Hiram College

Clayton Pond remembers his Hiram art class fondly – the first he ever experienced – fondly, so fondly, in fact that the now-renowned artist and printmaker has donated a significant collection of his works to grace the halls of buildings here at the college.

Pond has donated 21 of his limited edition silk screen prints from various periods of his career to Hiram. The works will be framed and hung in various buildings and locations around campus.

The donation came about after Pond met Hiram President Thomas V. Chema at an alumni event in Atlanta, where the artist lives, last year. Pond hosted President Chema at his home and studio and agreed to give some works to the College. In January 2011, to commemorate 50 years since his Hiram days, Pond discussed his career at an exhibition of his works at the Art Gallery in the Gelbke fine Arts Center.

Pond spent three years at Hiram, but did not graduate, moving on to earn his BFA from Carnegie-Melon University in Pittsburgh and an MFA from the Pratt Institute in New York City. He said he remembers Hiram fondly and hopes to return some time to see his works.

“I was born and raised in Long Island, but my mother was from Circleville, Ohio,” he said. “She said I should go to school in the Midwest where the “nice people,” as she called them, were. There was only one art teacher at Hiram when I was there, but that first art class (with Professor Paul Rochford) really set me on the path.”

Pond, who pioneered silk screen print making processes in the 1960’s and ‘70s, and gained notoriety in association with the New Realism and Pop Art communities of artists of that time, who converged on new York City’s Soho district. His early-career contemporaries included Andy Warhol, Roy Lichtenstein, Claes Oldenburg, and Tom Wesselmann (who also attended Hiram briefly in the early 1950’s).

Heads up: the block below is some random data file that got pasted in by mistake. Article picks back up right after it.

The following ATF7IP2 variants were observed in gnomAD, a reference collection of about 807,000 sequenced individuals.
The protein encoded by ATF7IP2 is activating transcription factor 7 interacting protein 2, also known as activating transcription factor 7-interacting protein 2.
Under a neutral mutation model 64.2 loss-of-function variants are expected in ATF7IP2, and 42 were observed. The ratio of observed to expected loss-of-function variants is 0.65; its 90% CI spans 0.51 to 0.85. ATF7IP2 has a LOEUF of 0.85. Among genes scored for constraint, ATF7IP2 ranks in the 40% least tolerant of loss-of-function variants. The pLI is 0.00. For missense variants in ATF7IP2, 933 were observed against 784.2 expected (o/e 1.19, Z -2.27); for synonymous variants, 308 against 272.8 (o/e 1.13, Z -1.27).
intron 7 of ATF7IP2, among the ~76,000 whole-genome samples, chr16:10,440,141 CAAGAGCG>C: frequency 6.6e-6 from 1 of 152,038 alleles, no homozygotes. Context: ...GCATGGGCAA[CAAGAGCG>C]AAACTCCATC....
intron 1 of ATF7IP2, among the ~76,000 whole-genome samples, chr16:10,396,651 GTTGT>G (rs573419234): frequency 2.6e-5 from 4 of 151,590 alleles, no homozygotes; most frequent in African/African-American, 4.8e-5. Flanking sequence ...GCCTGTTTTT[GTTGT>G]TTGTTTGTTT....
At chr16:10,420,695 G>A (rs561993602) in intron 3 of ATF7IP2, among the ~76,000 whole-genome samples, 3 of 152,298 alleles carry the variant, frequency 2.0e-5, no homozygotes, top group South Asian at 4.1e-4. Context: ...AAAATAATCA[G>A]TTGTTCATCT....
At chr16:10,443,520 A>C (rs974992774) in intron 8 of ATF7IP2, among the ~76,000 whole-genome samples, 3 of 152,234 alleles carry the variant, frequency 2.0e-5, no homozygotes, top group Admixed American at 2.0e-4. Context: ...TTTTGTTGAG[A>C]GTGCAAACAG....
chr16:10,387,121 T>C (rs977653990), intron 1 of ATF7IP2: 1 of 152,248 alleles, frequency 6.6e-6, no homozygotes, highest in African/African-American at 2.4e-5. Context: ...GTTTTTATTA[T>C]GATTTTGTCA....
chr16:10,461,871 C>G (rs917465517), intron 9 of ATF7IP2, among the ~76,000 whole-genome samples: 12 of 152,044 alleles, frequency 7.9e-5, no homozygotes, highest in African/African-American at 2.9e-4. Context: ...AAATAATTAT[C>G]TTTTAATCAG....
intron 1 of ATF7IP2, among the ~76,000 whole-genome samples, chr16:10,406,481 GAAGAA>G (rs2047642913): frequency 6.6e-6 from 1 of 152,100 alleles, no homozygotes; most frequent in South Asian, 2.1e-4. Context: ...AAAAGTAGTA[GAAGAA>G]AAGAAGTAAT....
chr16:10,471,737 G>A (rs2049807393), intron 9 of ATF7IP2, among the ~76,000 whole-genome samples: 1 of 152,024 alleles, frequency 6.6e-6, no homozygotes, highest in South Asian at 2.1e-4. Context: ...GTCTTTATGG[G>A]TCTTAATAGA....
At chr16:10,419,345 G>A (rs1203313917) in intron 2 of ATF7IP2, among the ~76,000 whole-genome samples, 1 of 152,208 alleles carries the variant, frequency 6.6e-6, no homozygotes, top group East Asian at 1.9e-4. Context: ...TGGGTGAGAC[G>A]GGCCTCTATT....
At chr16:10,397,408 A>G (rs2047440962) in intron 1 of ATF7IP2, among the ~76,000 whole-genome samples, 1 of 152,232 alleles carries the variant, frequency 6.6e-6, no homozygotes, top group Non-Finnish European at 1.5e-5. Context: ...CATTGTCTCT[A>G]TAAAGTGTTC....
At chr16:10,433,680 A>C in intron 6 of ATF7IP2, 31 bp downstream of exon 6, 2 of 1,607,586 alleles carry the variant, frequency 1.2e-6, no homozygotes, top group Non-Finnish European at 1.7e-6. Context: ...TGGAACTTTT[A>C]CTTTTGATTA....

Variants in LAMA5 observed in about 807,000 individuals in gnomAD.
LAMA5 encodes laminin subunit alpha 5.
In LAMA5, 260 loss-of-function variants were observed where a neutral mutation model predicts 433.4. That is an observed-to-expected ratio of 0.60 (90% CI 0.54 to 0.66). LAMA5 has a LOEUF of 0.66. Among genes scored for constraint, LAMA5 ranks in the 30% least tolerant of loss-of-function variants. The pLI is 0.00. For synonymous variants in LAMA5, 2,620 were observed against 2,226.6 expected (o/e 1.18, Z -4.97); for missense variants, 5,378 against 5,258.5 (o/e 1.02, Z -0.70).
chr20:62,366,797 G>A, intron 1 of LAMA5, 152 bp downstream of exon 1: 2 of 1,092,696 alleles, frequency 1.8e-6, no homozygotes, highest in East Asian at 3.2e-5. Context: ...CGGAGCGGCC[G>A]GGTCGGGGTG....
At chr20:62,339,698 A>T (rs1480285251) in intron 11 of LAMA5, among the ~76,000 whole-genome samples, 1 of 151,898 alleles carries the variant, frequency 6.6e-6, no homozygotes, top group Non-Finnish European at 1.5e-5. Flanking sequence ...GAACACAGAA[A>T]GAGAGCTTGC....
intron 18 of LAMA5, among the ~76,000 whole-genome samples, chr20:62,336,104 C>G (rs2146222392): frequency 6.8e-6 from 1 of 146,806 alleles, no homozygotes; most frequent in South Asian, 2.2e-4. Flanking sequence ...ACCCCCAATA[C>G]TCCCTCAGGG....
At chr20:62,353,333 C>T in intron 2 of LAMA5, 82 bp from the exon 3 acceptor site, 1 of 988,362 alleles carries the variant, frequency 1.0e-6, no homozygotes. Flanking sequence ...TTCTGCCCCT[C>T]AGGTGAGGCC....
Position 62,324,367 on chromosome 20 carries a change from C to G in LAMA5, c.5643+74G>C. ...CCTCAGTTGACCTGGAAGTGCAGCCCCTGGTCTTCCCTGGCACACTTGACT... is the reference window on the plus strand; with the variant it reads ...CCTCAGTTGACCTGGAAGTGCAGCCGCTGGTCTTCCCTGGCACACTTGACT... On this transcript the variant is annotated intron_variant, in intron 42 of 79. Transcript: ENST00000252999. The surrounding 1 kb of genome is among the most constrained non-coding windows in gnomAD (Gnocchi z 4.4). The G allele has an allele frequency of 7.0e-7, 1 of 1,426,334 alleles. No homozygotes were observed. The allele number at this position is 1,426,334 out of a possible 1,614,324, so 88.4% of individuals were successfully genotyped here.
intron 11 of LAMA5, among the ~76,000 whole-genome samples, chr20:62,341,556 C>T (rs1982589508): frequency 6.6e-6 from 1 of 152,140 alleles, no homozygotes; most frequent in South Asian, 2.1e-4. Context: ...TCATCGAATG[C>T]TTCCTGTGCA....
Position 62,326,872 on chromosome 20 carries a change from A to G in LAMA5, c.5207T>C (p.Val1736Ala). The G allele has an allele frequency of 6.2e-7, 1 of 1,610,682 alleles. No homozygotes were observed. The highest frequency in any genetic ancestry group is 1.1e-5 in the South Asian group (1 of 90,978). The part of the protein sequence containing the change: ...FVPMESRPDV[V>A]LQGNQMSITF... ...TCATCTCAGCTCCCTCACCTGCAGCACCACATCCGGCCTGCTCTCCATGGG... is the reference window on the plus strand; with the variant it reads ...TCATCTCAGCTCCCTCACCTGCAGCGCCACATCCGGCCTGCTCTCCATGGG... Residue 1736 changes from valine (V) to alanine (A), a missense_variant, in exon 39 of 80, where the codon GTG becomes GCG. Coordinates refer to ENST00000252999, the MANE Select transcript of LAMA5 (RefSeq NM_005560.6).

Pond’s style, in paintings and prints transforms familiar objects, even utilitarian items like chairs, radiators, and fans – into monumental icons of American culture. His characteristic use of bold color, and glossy varnish techniques were self-taught and innovative, and have kept his work in demand to this day. He has had more than 70 one-man exhibitions in galleries, libraries, and universities, and his works are held in corporate, academic and private collections worldwide.

Pond said he adopted silk screen printing as his most frequent medium because it was the best way for him to “get” the type of images he wanted.

“I was a painter, really,” he said “there was hardly anybody doing silkscreens as art in the early days, it was all lithographs, and wood blocks, and etchings, but I thought it would be a new way to get the types of images I wanted. I went around to commercial silk screen printers, who were doing t-shirts and things, and learned as much as I could.”

Several of the works donated to Hiram include well-known prints Pond did for the National Aeronautics and Space Administration, prior to the beginning of the Space Shuttle Program.

“They were looking for ways to interest people in the scientific possibilities of the shuttle program,” he said, “And I let my imagination go and focused on everyday things like the challenges of a pull chain toilet in a weightless environment, a crab floating in space, and other things people could relate to and that had a little bit of humor to them.”

.These days Pond continues to work on his painting and printmaking, and recently has been taking pieces and parts of some of his “mistakes” and recombining them into new works.

“Screen printing is a stencil process, and you have to run a separate screen for each color, and sometimes it doesn’t work, the paper isn’t right, or the image isn’t the way you wanted it,” he said, “So I’m going back and taking some of those mistakes, and putting parts of them together into pieces that are really like collages.”